• Knifehead, what with the whole 'Knifehead-kun' craze in Japan. All the major Kaiju are Darkhorses to varying degrees, with Raiju in particular falling into more or less the same boat as Cherno Alpha. Otachi is also popular due to its fight scene with Gipsy Danger being considered one of the best action scenes in the movie and its wings and pregnancy both serving as Game Changers to the established Kaiju threat.
  • Epic Riff: The signature riffnote , 23 seconds into the title track that also turns up as a Leitmotif in other pieces on the soundtrack.
  • Fandom Rivalry:
    • Some with Grown Ups 2, given that they both premiered around the same time and while Pacific Rim has been critically acclaimed and made a killing in international markets, Grown Ups 2 made more money domestically.
    • Sadly, some (but not all) fans of either Pacific Rim or Godzilla would rather antagonize each other over the very different takes and tones on the giant monster movie. This rivalry turned sour given how Godzilla proved to be more financially successful and got its own cinematic universe while the sequel to Pacific Rim was repeatedly delayed until 2018.
  • Fan-Preferred Couple: Mako and Raleigh's relationship may be still be up in the air in terms of whether it's romantic or platonic in the film, but you'd never know that from the fandom. Apparently, not writing them as explicit love interests actually made fans more enthusiastic about the pairing.
    • Newt and Gottlieb are a far more popular ship than any alternate couples involving either character, to the point that even Charlie Day has said that he thinks their relationship is more interesting if it's read romantically.
  • Friendly Fandoms:
    • With the It's Always Sunny in Philadelphia fandom, mostly because of mutual Charlie Day presences.
    • The same applies to Sons of Anarchy, which shares Charlie Hunnam and Ron Perlman.
    • The Attack on Titan fandom is also friendly with this fandom, mostly for the whole "Jaeger" connection. Plus, it also allowed this amazing video to be created.
    • Fans of Pacific Rim are often friendly with fans of Elementary and Sleepy Hollow, due to all three containing a strong non-white Woman character and her white male companion.
    • If one or both are not trying to rip into each other for the different takes on giant monster movies, then fans of Pacific Rim and the new Godzilla have united together for more monster movies.
  • Genius Bonus: To understand all the entries on the web page for the Jaeger blueprints you need to be able to understand English, French, Latin American Spanish, Russian, Chinese and Japanese. The last three use their native writing systems.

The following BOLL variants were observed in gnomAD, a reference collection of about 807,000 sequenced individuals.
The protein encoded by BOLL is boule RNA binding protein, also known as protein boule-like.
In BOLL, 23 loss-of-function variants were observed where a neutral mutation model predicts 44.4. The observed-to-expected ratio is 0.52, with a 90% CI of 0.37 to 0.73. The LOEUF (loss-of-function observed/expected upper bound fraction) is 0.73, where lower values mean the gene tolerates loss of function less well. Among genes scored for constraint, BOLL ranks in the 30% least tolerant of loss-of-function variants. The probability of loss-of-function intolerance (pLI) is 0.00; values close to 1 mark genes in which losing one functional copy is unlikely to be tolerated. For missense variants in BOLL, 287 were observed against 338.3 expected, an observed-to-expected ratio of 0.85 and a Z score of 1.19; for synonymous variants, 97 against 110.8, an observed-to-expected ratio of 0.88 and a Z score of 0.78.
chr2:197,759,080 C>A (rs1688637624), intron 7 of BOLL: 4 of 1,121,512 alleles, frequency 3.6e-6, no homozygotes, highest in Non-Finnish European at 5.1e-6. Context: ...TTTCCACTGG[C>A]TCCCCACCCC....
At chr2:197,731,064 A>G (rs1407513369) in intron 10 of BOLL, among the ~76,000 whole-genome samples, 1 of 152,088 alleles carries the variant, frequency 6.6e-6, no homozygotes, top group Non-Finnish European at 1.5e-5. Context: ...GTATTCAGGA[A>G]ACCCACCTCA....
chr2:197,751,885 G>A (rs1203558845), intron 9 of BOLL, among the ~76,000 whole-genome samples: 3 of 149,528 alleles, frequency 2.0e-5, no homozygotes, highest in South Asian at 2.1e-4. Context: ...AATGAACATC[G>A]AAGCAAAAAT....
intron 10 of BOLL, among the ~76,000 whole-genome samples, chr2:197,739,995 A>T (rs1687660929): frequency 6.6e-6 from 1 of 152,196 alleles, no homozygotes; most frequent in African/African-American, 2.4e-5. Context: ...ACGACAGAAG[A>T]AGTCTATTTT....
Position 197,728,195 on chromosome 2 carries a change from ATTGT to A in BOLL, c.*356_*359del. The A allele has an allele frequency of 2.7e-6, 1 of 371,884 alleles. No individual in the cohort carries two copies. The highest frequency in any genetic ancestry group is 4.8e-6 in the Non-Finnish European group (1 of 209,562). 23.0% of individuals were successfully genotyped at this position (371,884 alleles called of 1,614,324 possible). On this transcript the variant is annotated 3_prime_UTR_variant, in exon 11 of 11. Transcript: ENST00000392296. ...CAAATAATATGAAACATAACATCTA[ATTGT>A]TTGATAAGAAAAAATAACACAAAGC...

• Germans Love David Hasselhoff: Domestically beaten during its opening week, having been beaten by the Despicable Me and, yeah, Grown Ups sequels, to the point it's often referred to as a flop. Was met with greater success internationally. Especially in China where it made more money than in the United States, something still very rare for a Hollywood production. In general, the film did best in countries that had Jaegers to represent them.
  • Harsher in Hindsight: Four months after this film's release, Typhoon Haiyan (Yolanda) struck through the central islands of the Philippines, becoming the strongest and deadliest storm in the country's history and probably the most globally famous typhoon of all time; this happened to be one of the countries hit by the Kaiju in the film. It coincidentally is the very first Category 5 Storm ever to make landfall in the actual Pacific Rim. Some Filipino editorials even alluded this to the film.
  • He's Just Hiding!: Plenty of comics have been made retconning the Kaidanovskys' death. Likewise there are many fanfics detailing how Chuck survived.
  • Hilarious in Hindsight:
    • The film shares several parallels and similarities with Attack on Titan.
      • The giant bots share the name "Jaeger" with the main protagonist of Attack on Titan who fights a different kind of giant.
      • Both works contain a plan to contain the threat with giant walls, which fail miserably.
      • Eren actually "pilots" one of those "Giants" to battle, as Titans are revealed to essentially be organic mecha that grows around the user.
      • The similarities between Newt and Hange Zoë, the perky, Titan-obsessed mad scientist of that series, are not lost on fandom, either.
      • In Hong Kong, Kaiju bones are used as part of a building, while Colossal Titans line the inside the Walls in Attack on Titan.
    • The Jaegers also share a name with a BattleTech 'Mech. Battletech also features the rare Dual Cockpit upgrade that allows a pair of pilots to control one machine for great combat efficiency.
    • Voice-acting wise: